“I am considering selling a piece of artwork that I purchased.
What do I need to know?“
Last month I wrote about coherent collecting, and mentioned the continual evolution of private collections. It’s fun to talk about how artwork joins a collection, but how artwork moves out of a collection is also worth addressing. Possibilities include everything from reselling, charity auction, gifting, to (yikes!) dumping. Anticipating questions about reselling, and curious myself since selling art is part of my work, I’ve looked into the topic.
Keep in mind that these thoughts are from the perspective of a living contemporary artist with a hopefully long career ahead, me. Other situations abound, and consulting with an art business professional, as I did in the early days of selling my work, is a good idea.
Bursting the Balloon – Selling Isn’t Easy
The pros will confirm: selling is work. In fact, it’s kind of a headache, and why buying art on speculation is usually unwise. I advise collectors who are approached by a potential buyer not to consider selling unless the offer is considerably more than they paid for the piece.
If you don’t have a buyer, of course there’s also the task of finding one. You can try to find a dealer to sell the work on consignment. If you want to sell it yourself, you’ll be competing with the pros (galleries, dealers, and artists) for the same audience. You’ll also have to take care of things like establishing a sale price, paying sales tax, paying applicable artist royalties, and providing buyer contact information to the artist (the artist’s legal right). Other considerations are protective packaging, delivery, repair, and cleaning.
Establishing a Price
People are often justifiably puzzled by art prices. For example, a painting can cost $5000 in a gallery, but a similar one sells for $10 on eBay. Or a painting that originally sold for $300 is worth $300,000 at auction. Why? How do you accurately price a piece of artwork?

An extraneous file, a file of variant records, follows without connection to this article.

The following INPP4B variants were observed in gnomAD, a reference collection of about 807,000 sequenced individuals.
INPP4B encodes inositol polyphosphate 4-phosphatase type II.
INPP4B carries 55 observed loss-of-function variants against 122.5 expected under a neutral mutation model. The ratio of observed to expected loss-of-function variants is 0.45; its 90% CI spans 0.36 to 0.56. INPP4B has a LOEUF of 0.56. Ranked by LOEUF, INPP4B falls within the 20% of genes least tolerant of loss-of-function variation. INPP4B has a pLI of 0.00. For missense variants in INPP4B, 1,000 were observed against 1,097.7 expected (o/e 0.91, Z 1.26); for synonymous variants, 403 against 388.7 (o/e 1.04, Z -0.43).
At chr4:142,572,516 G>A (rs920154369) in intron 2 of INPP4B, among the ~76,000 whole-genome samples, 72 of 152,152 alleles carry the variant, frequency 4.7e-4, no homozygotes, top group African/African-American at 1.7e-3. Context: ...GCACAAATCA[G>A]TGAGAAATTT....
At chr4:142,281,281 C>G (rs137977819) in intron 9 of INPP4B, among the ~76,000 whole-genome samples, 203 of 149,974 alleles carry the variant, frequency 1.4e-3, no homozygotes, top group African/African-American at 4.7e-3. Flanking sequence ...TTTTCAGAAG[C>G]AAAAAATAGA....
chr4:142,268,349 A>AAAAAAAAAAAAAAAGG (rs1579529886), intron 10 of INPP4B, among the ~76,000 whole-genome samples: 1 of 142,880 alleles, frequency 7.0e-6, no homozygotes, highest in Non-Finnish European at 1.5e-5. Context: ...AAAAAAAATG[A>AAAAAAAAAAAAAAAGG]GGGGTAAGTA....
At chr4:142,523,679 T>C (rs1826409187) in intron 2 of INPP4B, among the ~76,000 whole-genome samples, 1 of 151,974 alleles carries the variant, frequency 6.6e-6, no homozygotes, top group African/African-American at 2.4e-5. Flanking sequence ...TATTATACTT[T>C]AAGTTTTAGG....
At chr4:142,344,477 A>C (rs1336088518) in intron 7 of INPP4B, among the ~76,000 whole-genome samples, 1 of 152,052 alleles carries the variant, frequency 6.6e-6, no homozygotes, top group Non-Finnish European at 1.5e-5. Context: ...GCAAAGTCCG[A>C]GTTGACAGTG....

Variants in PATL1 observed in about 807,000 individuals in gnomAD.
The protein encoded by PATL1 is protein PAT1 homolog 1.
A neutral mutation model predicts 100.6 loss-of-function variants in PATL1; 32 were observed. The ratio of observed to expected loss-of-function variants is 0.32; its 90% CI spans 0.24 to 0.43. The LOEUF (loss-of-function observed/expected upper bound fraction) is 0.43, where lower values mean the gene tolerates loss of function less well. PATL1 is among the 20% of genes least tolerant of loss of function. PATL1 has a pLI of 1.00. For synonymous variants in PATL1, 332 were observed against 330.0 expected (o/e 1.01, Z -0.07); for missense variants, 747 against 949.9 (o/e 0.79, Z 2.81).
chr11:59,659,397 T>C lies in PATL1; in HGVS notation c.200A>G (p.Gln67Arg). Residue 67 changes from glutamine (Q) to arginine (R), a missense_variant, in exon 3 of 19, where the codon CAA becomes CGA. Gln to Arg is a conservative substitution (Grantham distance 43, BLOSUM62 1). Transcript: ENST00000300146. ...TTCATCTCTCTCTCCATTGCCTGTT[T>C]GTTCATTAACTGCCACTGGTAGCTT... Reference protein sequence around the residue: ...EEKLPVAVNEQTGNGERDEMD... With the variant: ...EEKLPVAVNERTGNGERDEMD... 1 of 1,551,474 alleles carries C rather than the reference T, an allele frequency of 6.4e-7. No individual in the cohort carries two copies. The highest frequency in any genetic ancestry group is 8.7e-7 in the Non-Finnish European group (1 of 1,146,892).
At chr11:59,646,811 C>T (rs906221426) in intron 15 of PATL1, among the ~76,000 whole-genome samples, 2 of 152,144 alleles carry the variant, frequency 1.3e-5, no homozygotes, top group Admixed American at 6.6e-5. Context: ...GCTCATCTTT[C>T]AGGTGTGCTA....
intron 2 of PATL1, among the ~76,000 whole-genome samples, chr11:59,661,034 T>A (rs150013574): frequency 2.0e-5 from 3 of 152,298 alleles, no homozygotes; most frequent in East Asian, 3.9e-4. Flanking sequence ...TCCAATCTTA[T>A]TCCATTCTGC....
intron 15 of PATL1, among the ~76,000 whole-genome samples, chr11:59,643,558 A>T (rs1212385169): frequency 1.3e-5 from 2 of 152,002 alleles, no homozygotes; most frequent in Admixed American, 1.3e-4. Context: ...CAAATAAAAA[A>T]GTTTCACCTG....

When art is sold for the first time, that’s called the “primary market”. The “secondary market” is when art is resold. Prices are set by completely different parameters in each. The primary price is set by factors such as quality, artist’s sales track record, sales setting, content, media, size. Resale, or secondary market, prices are set by supply and demand, which is often cyclical for various artists or genres (as demonstrated on Antiques Roadshow). It usually takes many years (many resales) for an artist’s work to establish a secondary market.
For a deeper look, there’s a good blog article about how prices are set by McGowan Fine Art, a New Hampshire gallery/consultant, “ArtTip: Resale of Art”.
Remember too that the more information you can provide on the piece, the better. Provenance, the history of where the art has been and who has owned it, is important. As are any other materials such as artist’s bio, exhibit materials, or artist’s description of what inspired the piece or how it was made. Story is valuable.
Selling on consignment may be preferable to doing it yourself, though it will net you substantially less than the sale price of the artwork.